C.J.F.W.F. Assembly Appeals for Peace in Middle East; Lauds Israel
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C.J.F.W.F. Assembly Appeals for Peace in Middle East; Lauds Israel

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The Jews of the United States and Canada today issued an appeal to the world to bring about a just and lasting peace in the Middle East, emphasizing that “such a ‘peace with justice–and justice with peace’ will be of a momentous and enduring value to all peoples of the area, and to all mankind.”

The appeal was voiced at the concluding session here of the four-day General Assembly of the Council of Jewish Federations and Welfare Funds which represents more than 800 Jewish communities in the United States and Canada. Herbert R. Abeles of Newark was re-elected president of the CJFWF for another term, together with all other officers.

In a special resolution on Israel, the delegates emphasized that Israel has been “the bulwark of democracy in the Middle East” and has rescued over 800,000 Jewish refugees “who found it necessary to flee there in search of freedom and security.” Terming vital the ability of Israel to continue that role, the delegates rededicated themselves “to continue and intensify our efforts to the end that the great humanitarian program to which we have contributed and which continues to demand our help may go forward.”


The Assembly also adopted a resolution asking the Jews of the United States and Canada for a “most generous outpouring of support” to meet critical Jewish needs abroad and to strengthen Jewish community institutions at home. It called for “the immediate mobilization of campaign organizations and manpower, immediate enrollment of campaign leader-ship, fullest enlistment of our communities in this united effort, and maximum giving.”

Other resolutions called for a year-round program by communities to “recruit, train and retain the most capable individuals for leadership responsibilities,” and a sustained drive by all communities to make up the deficiency in trained personnel by “joining and encouraging overall recruitment efforts to secure the best qualified men and women for Jewish communal service.”

The Governments of Canada and the United States won the praise of the delegates for granting asylum to refugees fleeing Soviet domination in Hungary. The delegates also lauded the Canadian Government for “inaugurating a program of immigration from North Africa which will include a substantial number of Jews.”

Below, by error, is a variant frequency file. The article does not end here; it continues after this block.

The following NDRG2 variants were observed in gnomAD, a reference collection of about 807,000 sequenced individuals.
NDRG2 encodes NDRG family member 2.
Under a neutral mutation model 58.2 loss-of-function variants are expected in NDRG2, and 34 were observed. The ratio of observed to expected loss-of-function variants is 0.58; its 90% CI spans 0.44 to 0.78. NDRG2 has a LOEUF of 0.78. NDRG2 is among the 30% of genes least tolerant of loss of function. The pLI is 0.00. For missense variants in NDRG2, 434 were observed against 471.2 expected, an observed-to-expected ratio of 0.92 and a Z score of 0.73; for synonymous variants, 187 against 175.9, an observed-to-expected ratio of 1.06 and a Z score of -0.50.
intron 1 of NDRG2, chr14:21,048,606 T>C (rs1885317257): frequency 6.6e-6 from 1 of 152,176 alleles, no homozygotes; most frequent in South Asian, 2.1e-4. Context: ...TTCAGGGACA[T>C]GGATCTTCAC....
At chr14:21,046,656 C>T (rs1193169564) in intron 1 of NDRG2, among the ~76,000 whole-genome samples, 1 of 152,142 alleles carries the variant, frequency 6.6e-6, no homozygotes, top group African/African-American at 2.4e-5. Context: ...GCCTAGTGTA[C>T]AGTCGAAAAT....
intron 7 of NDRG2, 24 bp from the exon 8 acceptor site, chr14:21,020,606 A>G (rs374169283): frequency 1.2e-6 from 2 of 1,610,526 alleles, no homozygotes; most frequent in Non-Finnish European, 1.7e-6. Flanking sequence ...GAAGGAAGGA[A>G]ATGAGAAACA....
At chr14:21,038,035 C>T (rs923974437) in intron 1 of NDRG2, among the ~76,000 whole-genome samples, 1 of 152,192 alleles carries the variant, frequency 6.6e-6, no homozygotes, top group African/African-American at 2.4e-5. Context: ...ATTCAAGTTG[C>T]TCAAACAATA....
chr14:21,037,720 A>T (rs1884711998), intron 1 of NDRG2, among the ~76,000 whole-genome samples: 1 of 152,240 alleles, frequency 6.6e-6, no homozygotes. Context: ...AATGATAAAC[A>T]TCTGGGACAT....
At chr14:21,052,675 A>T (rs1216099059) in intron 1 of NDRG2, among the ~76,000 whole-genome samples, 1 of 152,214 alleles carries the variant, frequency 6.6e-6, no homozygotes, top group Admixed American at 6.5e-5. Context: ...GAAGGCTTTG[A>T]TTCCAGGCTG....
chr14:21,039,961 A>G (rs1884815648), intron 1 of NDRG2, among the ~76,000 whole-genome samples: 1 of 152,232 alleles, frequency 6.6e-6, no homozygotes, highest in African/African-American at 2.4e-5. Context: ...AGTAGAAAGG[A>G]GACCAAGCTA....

In a resolution on immigration in the United States, acted upon only by Unites States delegates, the delegates reiterated their previous stand on American immigration laws and called for their revision, eliminating the discriminatory national origins quota system and establishing a realistic and flexible quota system “geared to meet emergencies.”


Leaders of the Jewish communities at the Assembly heard a report by Rabbi Herbert A. Friedman, executive vice-chairman of the United Jewish Appeal, emphasizing that despite the Middle Eastern crisis, Israel is experiencing the heaviest immigration in years.

“The heavy influx of immigrants to Israel is creating a vast new emergency at a time when Israel is confronted with the most critical problem of survival since its independence in 1948,” the UJA leader said. “Since the beginning of October alone, right through most of the tense days of the fighting, immigration continued and more than 12,000 people entered Israel,” he declared. “The immigrants.” he stated, “are arriving from countries where doors are thought closed. They constitute life-or-death immigration. Either they can come in now or they may never have another chance. Also, hundreds of thousands of earlier, arrivals in Israel are in need of aid and their absorption must be completed.”

“Tens of thousands of Jewish lives can be saved only if American Jews will come with prompt and full aid for the people of Israel as they struggle to take in and absorb those who plead to come now. These are days of greatest opportunity for rescue.” Rabbi Friedman stressed. He added that the American Jewish community must prepare for the greatest fund-raising effort ever in order to meet the extraordinary needs posed by the current situation.